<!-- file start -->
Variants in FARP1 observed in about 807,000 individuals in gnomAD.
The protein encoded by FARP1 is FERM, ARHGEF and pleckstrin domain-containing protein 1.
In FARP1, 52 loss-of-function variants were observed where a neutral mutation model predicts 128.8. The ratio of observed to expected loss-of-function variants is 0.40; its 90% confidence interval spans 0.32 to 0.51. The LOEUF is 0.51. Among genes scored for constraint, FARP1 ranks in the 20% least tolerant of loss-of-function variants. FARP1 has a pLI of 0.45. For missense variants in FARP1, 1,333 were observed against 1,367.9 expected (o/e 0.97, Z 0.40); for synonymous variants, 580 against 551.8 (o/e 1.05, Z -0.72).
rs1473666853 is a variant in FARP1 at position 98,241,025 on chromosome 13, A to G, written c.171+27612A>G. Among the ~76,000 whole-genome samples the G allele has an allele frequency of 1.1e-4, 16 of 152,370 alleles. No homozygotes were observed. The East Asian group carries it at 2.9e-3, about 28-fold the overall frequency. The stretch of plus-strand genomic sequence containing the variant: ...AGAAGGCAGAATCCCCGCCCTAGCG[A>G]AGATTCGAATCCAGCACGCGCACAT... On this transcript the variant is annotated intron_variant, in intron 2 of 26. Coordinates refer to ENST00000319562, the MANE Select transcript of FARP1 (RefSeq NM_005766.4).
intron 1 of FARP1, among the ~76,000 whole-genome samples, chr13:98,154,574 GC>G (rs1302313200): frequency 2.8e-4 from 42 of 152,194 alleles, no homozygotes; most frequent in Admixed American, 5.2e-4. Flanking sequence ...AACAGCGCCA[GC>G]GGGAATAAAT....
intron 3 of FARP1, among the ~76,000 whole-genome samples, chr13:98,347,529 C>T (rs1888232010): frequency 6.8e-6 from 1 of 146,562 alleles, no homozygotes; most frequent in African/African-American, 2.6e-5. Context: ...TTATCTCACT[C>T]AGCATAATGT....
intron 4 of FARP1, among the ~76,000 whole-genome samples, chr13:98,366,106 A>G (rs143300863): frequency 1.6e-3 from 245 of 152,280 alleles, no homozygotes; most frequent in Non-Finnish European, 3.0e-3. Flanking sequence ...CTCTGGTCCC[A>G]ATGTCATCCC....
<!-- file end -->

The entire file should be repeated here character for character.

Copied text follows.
Variants in FARP1 observed in about 807,000 individuals in gnomAD.
The protein encoded by FARP1 is FERM, ARHGEF and pleckstrin domain-containing protein 1.
In FARP1, 52 loss-of-function variants were observed where a neutral mutation model predicts 128.8. The ratio of observed to expected loss-of-function variants is 0.40; its 90% confidence interval spans 0.32 to 0.51. The LOEUF is 0.51. Among genes scored for constraint, FARP1 ranks in the 20% least tolerant of loss-of-function variants. FARP1 has a pLI of 0.45. For missense variants in FARP1, 1,333 were observed against 1,367.9 expected (o/e 0.97, Z 0.40); for synonymous variants, 580 against 551.8 (o/e 1.05, Z -0.72).
rs1473666853 is a variant in FARP1 at position 98,241,025 on chromosome 13, A to G, written c.171+27612A>G. Among the ~76,000 whole-genome samples the G allele has an allele frequency of 1.1e-4, 16 of 152,370 alleles. No homozygotes were observed. The East Asian group carries it at 2.9e-3, about 28-fold the overall frequency. The stretch of plus-strand genomic sequence containing the variant: ...AGAAGGCAGAATCCCCGCCCTAGCG[A>G]AGATTCGAATCCAGCACGCGCACAT... On this transcript the variant is annotated intron_variant, in intron 2 of 26. Coordinates refer to ENST00000319562, the MANE Select transcript of FARP1 (RefSeq NM_005766.4).
intron 1 of FARP1, among the ~76,000 whole-genome samples, chr13:98,154,574 GC>G (rs1302313200): frequency 2.8e-4 from 42 of 152,194 alleles, no homozygotes; most frequent in Admixed American, 5.2e-4. Flanking sequence ...AACAGCGCCA[GC>G]GGGAATAAAT....
intron 3 of FARP1, among the ~76,000 whole-genome samples, chr13:98,347,529 C>T (rs1888232010): frequency 6.8e-6 from 1 of 146,562 alleles, no homozygotes; most frequent in African/African-American, 2.6e-5. Context: ...TTATCTCACT[C>T]AGCATAATGT....
intron 4 of FARP1, among the ~76,000 whole-genome samples, chr13:98,366,106 A>G (rs143300863): frequency 1.6e-3 from 245 of 152,280 alleles, no homozygotes; most frequent in Non-Finnish European, 3.0e-3. Flanking sequence ...CTCTGGTCCC[A>G]ATGTCATCCC....